Customers came to their favorite bars and restraints, enjoying the novel setting along the street. Soon the ropes became fences, and then canopies appeared over some Parking Plazas. Now we see the addition of substantial structures with roofs—string lights inside zigzag along the ceiling, ready for the coming early-sunset. Montavilla businesses are preparing for a long fall and winter of outdoor dining, as the pandemic lasts longer than expected.

Vintage Cocktail Lounge seating.

The weather has not yet turned cold and rainy, but we will feel the wet chill around us within two months. At that time, there will be a test on outdoor seating’s viability in the Pacific Northwest. Will people brave the cold for the social interactions we gain by going out?

2020 is the year of uncertainty, and the building along our streets is the best attempt to beat uncertainty with preparation. Hopefully, the people of modern Montavilla are as hearty as those who first created these streets two hundred years ago—joining our neighbors for a drink and meal on a cold and damp evening.

Shared Roscoe’s and Miyamoto seating

Redwood’s mid September roof addition.

Expanded Corners Come to 92nd

Expanded corners are now present at the intersection of SE 92nd Ave and Washington street. First appearing on 76th Ave, these are part of the Busy Streets program seeking to provide more space at heavily used intersections.

Portland Bureau of Transportation installed these temporary sidewalk expansions to help prevent the spread of COVID-19. These street crossings often become crowded with pedestrians trying to cross. This extra space should allow for social distancing while waiting for cars to yield.

Northeast corner

Southwest corner

Northwest corner

Expanded Corners Come to 80th

Expanded corners are now present along SE 80th Ave on both Stark and Washington streets. First appearing on 76th Ave, these are part of the Busy Streets program seeking to provide more space at busy intersections.

Portland Bureau of Transportation installed these temporary sidewalk expansions to help prevent the spread of COVID-19. These street crossings often become crowded with pedestrians trying to cross. This extra space should allow for social distancing while waiting for cars to yield.

South side of Stark Street looking west.

North side of Washington looking east.

North side of Washington looking west.

Busy Streets Program Walkability Improvements

The new Busy Streets program has already made Montavilla more walkable and will extend through the neighborhood. The program seeks to expand pedestrian space in busy areas by reusing parts of the roadway not used for travel lanes.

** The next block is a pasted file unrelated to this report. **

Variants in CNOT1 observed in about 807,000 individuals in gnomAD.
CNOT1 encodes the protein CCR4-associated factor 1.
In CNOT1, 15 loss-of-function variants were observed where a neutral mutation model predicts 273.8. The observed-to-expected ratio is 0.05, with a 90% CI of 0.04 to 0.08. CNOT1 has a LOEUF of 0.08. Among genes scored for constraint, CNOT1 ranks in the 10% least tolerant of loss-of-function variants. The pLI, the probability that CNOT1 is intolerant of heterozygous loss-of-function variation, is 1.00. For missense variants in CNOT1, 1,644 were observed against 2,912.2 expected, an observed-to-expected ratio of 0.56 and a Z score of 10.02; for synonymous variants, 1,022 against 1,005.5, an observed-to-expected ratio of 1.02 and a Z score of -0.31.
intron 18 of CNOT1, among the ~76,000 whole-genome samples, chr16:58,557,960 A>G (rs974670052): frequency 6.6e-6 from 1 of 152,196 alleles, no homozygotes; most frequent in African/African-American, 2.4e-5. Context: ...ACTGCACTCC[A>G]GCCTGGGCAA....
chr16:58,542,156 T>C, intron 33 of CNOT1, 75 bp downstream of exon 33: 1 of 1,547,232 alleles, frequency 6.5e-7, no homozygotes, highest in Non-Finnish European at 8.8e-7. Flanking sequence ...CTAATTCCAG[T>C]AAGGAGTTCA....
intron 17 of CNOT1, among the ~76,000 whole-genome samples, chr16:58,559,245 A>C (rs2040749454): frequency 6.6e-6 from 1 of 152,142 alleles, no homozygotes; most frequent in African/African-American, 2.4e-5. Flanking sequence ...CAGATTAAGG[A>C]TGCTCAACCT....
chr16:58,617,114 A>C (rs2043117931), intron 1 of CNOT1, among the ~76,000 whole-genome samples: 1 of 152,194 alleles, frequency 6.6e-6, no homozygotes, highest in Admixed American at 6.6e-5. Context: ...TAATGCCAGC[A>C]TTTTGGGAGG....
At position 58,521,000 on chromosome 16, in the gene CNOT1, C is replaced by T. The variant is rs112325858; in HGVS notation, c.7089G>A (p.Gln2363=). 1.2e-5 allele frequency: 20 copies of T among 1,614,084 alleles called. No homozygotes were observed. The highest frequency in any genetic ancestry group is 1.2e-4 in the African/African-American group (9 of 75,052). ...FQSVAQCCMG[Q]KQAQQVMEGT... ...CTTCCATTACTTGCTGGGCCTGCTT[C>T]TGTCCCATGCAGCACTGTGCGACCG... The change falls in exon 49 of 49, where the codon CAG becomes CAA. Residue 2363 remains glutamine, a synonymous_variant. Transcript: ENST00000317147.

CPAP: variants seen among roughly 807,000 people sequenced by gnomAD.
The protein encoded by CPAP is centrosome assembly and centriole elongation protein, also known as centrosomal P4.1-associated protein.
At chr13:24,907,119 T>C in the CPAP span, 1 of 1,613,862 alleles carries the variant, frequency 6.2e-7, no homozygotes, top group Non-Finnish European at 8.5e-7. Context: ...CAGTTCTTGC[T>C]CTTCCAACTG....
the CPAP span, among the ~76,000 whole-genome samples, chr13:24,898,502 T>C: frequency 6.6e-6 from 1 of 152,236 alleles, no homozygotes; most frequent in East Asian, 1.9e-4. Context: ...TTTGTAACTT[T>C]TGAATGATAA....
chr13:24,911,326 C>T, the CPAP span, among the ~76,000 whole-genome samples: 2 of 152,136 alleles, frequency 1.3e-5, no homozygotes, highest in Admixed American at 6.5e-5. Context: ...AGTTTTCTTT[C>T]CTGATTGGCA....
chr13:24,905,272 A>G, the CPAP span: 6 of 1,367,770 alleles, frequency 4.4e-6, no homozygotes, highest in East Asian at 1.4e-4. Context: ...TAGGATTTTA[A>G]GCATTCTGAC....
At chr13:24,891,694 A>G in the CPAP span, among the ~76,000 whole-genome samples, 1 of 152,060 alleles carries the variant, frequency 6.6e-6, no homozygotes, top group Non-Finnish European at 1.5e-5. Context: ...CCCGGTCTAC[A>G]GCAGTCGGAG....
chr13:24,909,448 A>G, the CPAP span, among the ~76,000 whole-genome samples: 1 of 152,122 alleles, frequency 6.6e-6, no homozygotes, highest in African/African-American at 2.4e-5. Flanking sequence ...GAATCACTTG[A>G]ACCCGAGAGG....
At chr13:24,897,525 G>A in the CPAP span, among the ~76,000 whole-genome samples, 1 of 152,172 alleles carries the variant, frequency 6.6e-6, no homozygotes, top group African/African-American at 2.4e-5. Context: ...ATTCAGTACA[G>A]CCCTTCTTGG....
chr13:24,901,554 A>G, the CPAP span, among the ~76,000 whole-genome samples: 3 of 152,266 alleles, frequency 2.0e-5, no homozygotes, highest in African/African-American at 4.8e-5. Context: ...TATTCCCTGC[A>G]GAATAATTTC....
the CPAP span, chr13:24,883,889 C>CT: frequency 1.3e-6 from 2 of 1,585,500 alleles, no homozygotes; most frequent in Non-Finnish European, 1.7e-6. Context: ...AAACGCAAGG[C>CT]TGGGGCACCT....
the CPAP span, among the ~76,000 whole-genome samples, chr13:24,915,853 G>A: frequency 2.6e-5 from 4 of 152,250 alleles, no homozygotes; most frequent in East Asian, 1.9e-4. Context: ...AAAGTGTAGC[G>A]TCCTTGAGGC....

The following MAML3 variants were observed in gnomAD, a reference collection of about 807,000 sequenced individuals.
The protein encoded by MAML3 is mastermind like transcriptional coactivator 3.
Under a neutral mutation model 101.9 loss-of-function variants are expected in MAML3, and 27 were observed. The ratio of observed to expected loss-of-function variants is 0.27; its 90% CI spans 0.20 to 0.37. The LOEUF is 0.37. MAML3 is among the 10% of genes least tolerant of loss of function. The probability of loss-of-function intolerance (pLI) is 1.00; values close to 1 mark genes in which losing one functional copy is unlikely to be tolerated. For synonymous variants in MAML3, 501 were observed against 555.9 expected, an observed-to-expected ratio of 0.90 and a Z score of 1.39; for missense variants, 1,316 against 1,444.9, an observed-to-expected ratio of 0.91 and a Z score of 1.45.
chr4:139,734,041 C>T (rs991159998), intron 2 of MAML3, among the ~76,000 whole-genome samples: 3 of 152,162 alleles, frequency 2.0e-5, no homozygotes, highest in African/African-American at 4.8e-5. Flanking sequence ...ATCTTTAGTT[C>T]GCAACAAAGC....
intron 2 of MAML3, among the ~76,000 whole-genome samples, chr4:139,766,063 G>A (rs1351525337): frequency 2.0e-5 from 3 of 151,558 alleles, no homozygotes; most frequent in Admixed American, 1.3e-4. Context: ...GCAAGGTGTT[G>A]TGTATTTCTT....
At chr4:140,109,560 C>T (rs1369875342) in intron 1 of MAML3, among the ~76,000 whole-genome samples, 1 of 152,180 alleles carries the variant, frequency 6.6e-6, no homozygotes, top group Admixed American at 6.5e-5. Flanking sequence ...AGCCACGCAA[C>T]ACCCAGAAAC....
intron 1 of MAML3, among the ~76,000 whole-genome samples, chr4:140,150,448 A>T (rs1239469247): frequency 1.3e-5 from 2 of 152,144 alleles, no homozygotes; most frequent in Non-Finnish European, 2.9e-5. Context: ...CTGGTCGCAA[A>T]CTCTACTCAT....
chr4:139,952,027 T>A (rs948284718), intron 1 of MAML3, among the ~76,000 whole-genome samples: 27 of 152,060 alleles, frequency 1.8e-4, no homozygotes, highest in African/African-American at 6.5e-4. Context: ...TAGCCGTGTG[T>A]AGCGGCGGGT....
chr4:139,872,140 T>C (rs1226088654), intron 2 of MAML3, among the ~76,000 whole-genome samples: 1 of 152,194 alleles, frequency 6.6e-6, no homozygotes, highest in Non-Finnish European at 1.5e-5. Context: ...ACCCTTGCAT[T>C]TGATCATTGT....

Portland Bureau of Transportation (PBOT) has launched the Busy Streets program as part of its response to COVID-19. The program expands on the Safe Streets Initiative that PBOT has already implemented with the Slow Streets and Healthy Businesses programs.

Last week one of four temporary bus platforms was added to SE Washington Street, north of 80th Ave. Three more are coming to bus stops at SE Stark Street at 82nd, 90th, and 92nd.

Expanded corners make it easier to physically distance while waiting to cross at busy intersections. Made by visible by paint and other indicators, they extend the corner out towards the traffic lane. SE Stark Street will receive corner enhancements at the intersections of 76th and 80th. Three expanded corners on Montavilla’s portion of SE Washington Street are at the 76th, 80th, and 92nd crossings.

A long stretch of SE Stark Street’s north side is receiving an expanded walkway, from 84th to 94th. This extra space allows pedestrians to move off the sidewalk into the street, allowing others to pass at a distance. Added paint and indicator poles should increase safety for pedestrians when they are on the roadway.

These temporary enhancements would be welcomed as permeant additions to the roadway. Perhaps they could become part of the final Jade and Montavilla Multimodal Improvements Project. Details of that project will begin the design phase soon, according to Lisa Patterson Capital Project Manager for Policy Planning + Projects at PBOT.

For now, the temporary improvements should promote Montavilla’s walkability until permeant upgrades are in place. Look for future work in the next few months as these projects complete construction.


Illustrated images are provided by Portland Bureau of Transportation

CrossFit Montavilla Closing

Over the weekend, CrossFit Montavilla announced they would be closing at the end of the week. The business has occupied 8040 SE Stark Street for over two years. Local businesses and customers are expressing their sentiments over the shutdown on the company’s Instagram.